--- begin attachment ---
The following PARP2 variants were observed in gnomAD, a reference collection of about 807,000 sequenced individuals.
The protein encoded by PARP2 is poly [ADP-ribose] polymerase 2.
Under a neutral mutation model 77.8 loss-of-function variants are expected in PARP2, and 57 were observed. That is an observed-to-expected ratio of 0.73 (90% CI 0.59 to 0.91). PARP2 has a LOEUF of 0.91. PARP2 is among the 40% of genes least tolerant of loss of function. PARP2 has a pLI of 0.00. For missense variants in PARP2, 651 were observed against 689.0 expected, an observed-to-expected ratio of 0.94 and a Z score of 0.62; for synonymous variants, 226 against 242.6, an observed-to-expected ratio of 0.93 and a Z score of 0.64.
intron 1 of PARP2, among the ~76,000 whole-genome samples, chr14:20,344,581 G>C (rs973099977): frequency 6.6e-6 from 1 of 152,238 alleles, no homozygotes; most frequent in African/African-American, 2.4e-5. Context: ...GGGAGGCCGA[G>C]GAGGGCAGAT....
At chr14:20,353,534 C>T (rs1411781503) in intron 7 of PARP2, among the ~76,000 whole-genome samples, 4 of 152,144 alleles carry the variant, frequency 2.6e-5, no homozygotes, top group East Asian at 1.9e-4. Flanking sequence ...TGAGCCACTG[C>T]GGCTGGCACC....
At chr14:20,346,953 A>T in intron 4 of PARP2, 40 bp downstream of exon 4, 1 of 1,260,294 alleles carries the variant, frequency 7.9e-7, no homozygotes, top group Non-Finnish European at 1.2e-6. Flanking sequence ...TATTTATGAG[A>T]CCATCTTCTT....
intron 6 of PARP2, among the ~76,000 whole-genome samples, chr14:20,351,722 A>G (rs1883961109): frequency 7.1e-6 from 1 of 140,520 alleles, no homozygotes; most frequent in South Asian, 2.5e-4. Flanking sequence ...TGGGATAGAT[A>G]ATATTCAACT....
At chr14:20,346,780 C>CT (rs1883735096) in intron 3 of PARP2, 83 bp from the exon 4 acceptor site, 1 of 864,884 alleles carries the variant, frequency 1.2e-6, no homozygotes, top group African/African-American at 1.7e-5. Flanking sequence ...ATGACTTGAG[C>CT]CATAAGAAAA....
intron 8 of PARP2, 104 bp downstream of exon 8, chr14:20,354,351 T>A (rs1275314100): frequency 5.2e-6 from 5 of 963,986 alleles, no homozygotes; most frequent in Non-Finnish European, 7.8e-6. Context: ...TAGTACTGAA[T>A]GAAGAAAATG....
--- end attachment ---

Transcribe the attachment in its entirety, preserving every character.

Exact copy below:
The following PARP2 variants were observed in gnomAD, a reference collection of about 807,000 sequenced individuals.
The protein encoded by PARP2 is poly [ADP-ribose] polymerase 2.
Under a neutral mutation model 77.8 loss-of-function variants are expected in PARP2, and 57 were observed. That is an observed-to-expected ratio of 0.73 (90% CI 0.59 to 0.91). PARP2 has a LOEUF of 0.91. PARP2 is among the 40% of genes least tolerant of loss of function. PARP2 has a pLI of 0.00. For missense variants in PARP2, 651 were observed against 689.0 expected, an observed-to-expected ratio of 0.94 and a Z score of 0.62; for synonymous variants, 226 against 242.6, an observed-to-expected ratio of 0.93 and a Z score of 0.64.
intron 1 of PARP2, among the ~76,000 whole-genome samples, chr14:20,344,581 G>C (rs973099977): frequency 6.6e-6 from 1 of 152,238 alleles, no homozygotes; most frequent in African/African-American, 2.4e-5. Context: ...GGGAGGCCGA[G>C]GAGGGCAGAT....
At chr14:20,353,534 C>T (rs1411781503) in intron 7 of PARP2, among the ~76,000 whole-genome samples, 4 of 152,144 alleles carry the variant, frequency 2.6e-5, no homozygotes, top group East Asian at 1.9e-4. Flanking sequence ...TGAGCCACTG[C>T]GGCTGGCACC....
At chr14:20,346,953 A>T in intron 4 of PARP2, 40 bp downstream of exon 4, 1 of 1,260,294 alleles carries the variant, frequency 7.9e-7, no homozygotes, top group Non-Finnish European at 1.2e-6. Flanking sequence ...TATTTATGAG[A>T]CCATCTTCTT....
intron 6 of PARP2, among the ~76,000 whole-genome samples, chr14:20,351,722 A>G (rs1883961109): frequency 7.1e-6 from 1 of 140,520 alleles, no homozygotes; most frequent in South Asian, 2.5e-4. Flanking sequence ...TGGGATAGAT[A>G]ATATTCAACT....
At chr14:20,346,780 C>CT (rs1883735096) in intron 3 of PARP2, 83 bp from the exon 4 acceptor site, 1 of 864,884 alleles carries the variant, frequency 1.2e-6, no homozygotes, top group African/African-American at 1.7e-5. Flanking sequence ...ATGACTTGAG[C>CT]CATAAGAAAA....
intron 8 of PARP2, 104 bp downstream of exon 8, chr14:20,354,351 T>A (rs1275314100): frequency 5.2e-6 from 5 of 963,986 alleles, no homozygotes; most frequent in Non-Finnish European, 7.8e-6. Context: ...TAGTACTGAA[T>A]GAAGAAAATG....